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How to create object to a specific class by using its name as string variable with out using new.

 
Kumar Maddu
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[color=darkblue]I am using the following code but i am unable to invoke the parameterized constructor while creating the object using Class.forName().newInstance.

String className="com.test.pack"+"ClassName";
responder=(Responder)Class.forName(className).newInstance();

Please suggest me the way how to create a object by calling parameterised constructor using the className string variable.

Thanks In Advance[color=darkblue]
 
Rob Spoor
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Check out the methods of java.lang.Class.
 
marc weber
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Welcome to the ranch!

What specific errors are you getting?

It's hard to say without more information, but if I were to guess...
  • One problem might be that you're using the literal "ClassName" rather than a variable, className.
  • Another problem might be that you need a dot (period) between "com.test.pack" and className.
  • Or it might be a classpath issue.
  •  
    Rob Spoor
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    Marc, I think you misread. Kumar wants to call not the constructor without parameters, but one with.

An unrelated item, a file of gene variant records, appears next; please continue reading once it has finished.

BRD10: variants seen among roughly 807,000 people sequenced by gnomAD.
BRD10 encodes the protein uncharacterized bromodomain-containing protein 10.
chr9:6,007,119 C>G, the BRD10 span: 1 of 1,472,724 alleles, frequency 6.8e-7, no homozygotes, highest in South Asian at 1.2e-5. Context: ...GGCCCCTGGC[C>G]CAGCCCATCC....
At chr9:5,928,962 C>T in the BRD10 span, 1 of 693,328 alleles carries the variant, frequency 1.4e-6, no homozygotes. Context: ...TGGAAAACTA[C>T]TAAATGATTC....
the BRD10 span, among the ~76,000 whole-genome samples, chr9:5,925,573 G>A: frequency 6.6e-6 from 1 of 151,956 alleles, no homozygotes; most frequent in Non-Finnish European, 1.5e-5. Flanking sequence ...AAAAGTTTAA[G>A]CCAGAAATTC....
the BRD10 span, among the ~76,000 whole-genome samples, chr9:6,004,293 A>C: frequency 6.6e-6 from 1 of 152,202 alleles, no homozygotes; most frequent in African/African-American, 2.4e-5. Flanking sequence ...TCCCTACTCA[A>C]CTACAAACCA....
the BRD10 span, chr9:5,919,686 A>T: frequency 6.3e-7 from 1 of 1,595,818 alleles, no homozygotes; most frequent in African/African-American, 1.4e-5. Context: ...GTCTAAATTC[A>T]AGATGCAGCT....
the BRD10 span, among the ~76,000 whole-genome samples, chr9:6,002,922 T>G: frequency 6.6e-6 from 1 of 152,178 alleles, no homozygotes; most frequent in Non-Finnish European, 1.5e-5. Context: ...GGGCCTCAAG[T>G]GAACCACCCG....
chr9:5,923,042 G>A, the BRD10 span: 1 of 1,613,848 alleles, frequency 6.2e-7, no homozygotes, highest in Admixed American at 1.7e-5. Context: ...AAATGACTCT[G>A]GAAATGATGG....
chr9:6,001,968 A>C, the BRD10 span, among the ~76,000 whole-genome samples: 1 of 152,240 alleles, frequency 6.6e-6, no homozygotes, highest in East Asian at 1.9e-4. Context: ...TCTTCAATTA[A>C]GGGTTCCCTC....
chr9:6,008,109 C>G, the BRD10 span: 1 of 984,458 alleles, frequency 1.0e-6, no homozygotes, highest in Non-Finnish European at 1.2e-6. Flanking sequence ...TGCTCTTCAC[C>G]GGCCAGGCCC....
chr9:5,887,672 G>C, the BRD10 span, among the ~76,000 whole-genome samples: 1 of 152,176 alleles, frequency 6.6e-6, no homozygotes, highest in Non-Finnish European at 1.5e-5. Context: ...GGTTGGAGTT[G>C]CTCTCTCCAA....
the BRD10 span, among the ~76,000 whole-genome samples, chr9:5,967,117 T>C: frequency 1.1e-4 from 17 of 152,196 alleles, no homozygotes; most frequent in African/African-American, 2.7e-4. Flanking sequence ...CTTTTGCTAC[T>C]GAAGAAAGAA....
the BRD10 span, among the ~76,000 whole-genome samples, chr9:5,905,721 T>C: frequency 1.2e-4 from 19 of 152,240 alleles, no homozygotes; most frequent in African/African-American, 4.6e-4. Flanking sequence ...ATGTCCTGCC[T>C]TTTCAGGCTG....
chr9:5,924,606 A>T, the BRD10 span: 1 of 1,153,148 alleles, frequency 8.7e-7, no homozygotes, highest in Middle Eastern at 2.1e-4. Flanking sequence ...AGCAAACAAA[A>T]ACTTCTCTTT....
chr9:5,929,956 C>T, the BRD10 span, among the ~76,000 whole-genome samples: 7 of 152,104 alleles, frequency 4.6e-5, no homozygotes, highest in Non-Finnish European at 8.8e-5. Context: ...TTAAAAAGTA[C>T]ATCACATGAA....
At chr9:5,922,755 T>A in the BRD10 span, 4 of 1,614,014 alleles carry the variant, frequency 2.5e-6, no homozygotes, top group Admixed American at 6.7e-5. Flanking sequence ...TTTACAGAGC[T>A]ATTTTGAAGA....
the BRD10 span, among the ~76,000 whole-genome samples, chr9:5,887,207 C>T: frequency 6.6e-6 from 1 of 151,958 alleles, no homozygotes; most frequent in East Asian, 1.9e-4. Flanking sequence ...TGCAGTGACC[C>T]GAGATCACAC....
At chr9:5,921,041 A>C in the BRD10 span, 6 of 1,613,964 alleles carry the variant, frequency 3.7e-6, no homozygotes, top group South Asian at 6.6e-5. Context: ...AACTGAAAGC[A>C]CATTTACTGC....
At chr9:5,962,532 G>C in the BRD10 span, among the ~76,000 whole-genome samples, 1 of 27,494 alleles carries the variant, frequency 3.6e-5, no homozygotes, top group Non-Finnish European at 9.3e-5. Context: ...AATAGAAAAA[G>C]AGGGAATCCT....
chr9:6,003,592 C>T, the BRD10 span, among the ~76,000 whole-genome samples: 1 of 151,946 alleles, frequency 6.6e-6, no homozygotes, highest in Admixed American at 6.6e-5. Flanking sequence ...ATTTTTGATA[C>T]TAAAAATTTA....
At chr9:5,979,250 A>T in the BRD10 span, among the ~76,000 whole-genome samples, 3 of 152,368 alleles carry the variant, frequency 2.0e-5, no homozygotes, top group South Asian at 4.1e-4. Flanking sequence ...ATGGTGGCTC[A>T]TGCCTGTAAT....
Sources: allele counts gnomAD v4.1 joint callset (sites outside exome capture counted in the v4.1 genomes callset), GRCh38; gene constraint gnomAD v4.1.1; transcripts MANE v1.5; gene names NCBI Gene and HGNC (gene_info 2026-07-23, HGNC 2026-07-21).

Darryl Burke
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    It would help if you were to PostRealCode and UseCodeTags.

    Check out the API for java.lang.reflect.Constructor<T>#newInstance(Object... initargs)
     
    Kumar Maddu
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    Darryl Burke wrote:It would help if you were to PostRealCode and UseCodeTags.

    Check out the API for java.lang.reflect.Constructor<T>#newInstance(Object... initargs)



    Hi Darry,

    Here i am posting my entire code Please guide me, how to call a parameterized constructor using newInstance.


    package com.test.core.java;
    interface InstanceTest{
    public String getValue();
    }

    public class NewInstanceTest implements InstanceTest {
    String value;
    //public NewInstanceTest(){} In my class no default constructor will be there.
    //The object should be created using parameterised constructor by passing value

    public NewInstanceTest(String value){
    this.value=value;
    System.out.println("arg is :"+value);
    }

    public String getValue(){
    return value;
    }

    public static void main(String args[]){
    String className="com.test.core.java.NewInstanceTest";